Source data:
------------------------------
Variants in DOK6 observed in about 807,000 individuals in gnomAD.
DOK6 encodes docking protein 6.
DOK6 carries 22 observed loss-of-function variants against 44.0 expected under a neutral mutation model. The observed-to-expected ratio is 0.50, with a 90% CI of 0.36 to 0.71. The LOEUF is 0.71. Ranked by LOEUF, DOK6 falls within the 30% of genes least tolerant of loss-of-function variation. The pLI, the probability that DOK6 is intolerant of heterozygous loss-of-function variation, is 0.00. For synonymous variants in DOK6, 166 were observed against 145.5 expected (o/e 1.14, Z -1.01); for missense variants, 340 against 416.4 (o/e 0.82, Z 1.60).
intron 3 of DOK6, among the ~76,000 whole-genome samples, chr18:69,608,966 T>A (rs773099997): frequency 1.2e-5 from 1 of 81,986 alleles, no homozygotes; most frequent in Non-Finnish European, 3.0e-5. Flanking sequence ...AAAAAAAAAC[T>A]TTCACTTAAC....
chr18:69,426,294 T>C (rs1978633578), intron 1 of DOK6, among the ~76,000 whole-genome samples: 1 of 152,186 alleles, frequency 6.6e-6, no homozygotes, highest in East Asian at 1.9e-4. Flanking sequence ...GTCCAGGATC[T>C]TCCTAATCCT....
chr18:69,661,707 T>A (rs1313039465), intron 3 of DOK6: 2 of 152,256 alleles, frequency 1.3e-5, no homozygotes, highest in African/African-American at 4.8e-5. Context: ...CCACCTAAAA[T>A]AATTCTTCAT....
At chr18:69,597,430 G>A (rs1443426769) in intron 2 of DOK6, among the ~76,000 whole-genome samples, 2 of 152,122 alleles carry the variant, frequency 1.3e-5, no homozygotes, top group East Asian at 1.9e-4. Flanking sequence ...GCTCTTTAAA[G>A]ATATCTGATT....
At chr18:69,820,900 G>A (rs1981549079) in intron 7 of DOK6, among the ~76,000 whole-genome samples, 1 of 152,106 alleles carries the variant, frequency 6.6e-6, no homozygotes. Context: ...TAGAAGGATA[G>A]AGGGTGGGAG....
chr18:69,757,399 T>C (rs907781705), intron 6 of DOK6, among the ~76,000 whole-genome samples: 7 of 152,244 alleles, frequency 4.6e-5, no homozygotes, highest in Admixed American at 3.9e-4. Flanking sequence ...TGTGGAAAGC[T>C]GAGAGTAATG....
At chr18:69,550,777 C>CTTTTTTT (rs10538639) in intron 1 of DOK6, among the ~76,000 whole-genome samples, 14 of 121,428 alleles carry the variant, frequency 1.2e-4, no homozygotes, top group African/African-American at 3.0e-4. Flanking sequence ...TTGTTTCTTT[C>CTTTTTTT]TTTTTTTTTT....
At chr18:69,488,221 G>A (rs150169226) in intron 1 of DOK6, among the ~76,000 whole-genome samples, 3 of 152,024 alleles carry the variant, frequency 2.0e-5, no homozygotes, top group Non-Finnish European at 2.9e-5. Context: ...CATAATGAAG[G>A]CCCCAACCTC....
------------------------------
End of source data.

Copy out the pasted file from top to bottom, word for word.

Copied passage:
Variants in DOK6 observed in about 807,000 individuals in gnomAD.
DOK6 encodes docking protein 6.
DOK6 carries 22 observed loss-of-function variants against 44.0 expected under a neutral mutation model. The observed-to-expected ratio is 0.50, with a 90% CI of 0.36 to 0.71. The LOEUF is 0.71. Ranked by LOEUF, DOK6 falls within the 30% of genes least tolerant of loss-of-function variation. The pLI, the probability that DOK6 is intolerant of heterozygous loss-of-function variation, is 0.00. For synonymous variants in DOK6, 166 were observed against 145.5 expected (o/e 1.14, Z -1.01); for missense variants, 340 against 416.4 (o/e 0.82, Z 1.60).
intron 3 of DOK6, among the ~76,000 whole-genome samples, chr18:69,608,966 T>A (rs773099997): frequency 1.2e-5 from 1 of 81,986 alleles, no homozygotes; most frequent in Non-Finnish European, 3.0e-5. Flanking sequence ...AAAAAAAAAC[T>A]TTCACTTAAC....
chr18:69,426,294 T>C (rs1978633578), intron 1 of DOK6, among the ~76,000 whole-genome samples: 1 of 152,186 alleles, frequency 6.6e-6, no homozygotes, highest in East Asian at 1.9e-4. Flanking sequence ...GTCCAGGATC[T>C]TCCTAATCCT....
chr18:69,661,707 T>A (rs1313039465), intron 3 of DOK6: 2 of 152,256 alleles, frequency 1.3e-5, no homozygotes, highest in African/African-American at 4.8e-5. Context: ...CCACCTAAAA[T>A]AATTCTTCAT....
At chr18:69,597,430 G>A (rs1443426769) in intron 2 of DOK6, among the ~76,000 whole-genome samples, 2 of 152,122 alleles carry the variant, frequency 1.3e-5, no homozygotes, top group East Asian at 1.9e-4. Flanking sequence ...GCTCTTTAAA[G>A]ATATCTGATT....
At chr18:69,820,900 G>A (rs1981549079) in intron 7 of DOK6, among the ~76,000 whole-genome samples, 1 of 152,106 alleles carries the variant, frequency 6.6e-6, no homozygotes. Context: ...TAGAAGGATA[G>A]AGGGTGGGAG....
chr18:69,757,399 T>C (rs907781705), intron 6 of DOK6, among the ~76,000 whole-genome samples: 7 of 152,244 alleles, frequency 4.6e-5, no homozygotes, highest in Admixed American at 3.9e-4. Flanking sequence ...TGTGGAAAGC[T>C]GAGAGTAATG....
At chr18:69,550,777 C>CTTTTTTT (rs10538639) in intron 1 of DOK6, among the ~76,000 whole-genome samples, 14 of 121,428 alleles carry the variant, frequency 1.2e-4, no homozygotes, top group African/African-American at 3.0e-4. Flanking sequence ...TTGTTTCTTT[C>CTTTTTTT]TTTTTTTTTT....
At chr18:69,488,221 G>A (rs150169226) in intron 1 of DOK6, among the ~76,000 whole-genome samples, 3 of 152,024 alleles carry the variant, frequency 2.0e-5, no homozygotes, top group Non-Finnish European at 2.9e-5. Context: ...CATAATGAAG[G>A]CCCCAACCTC....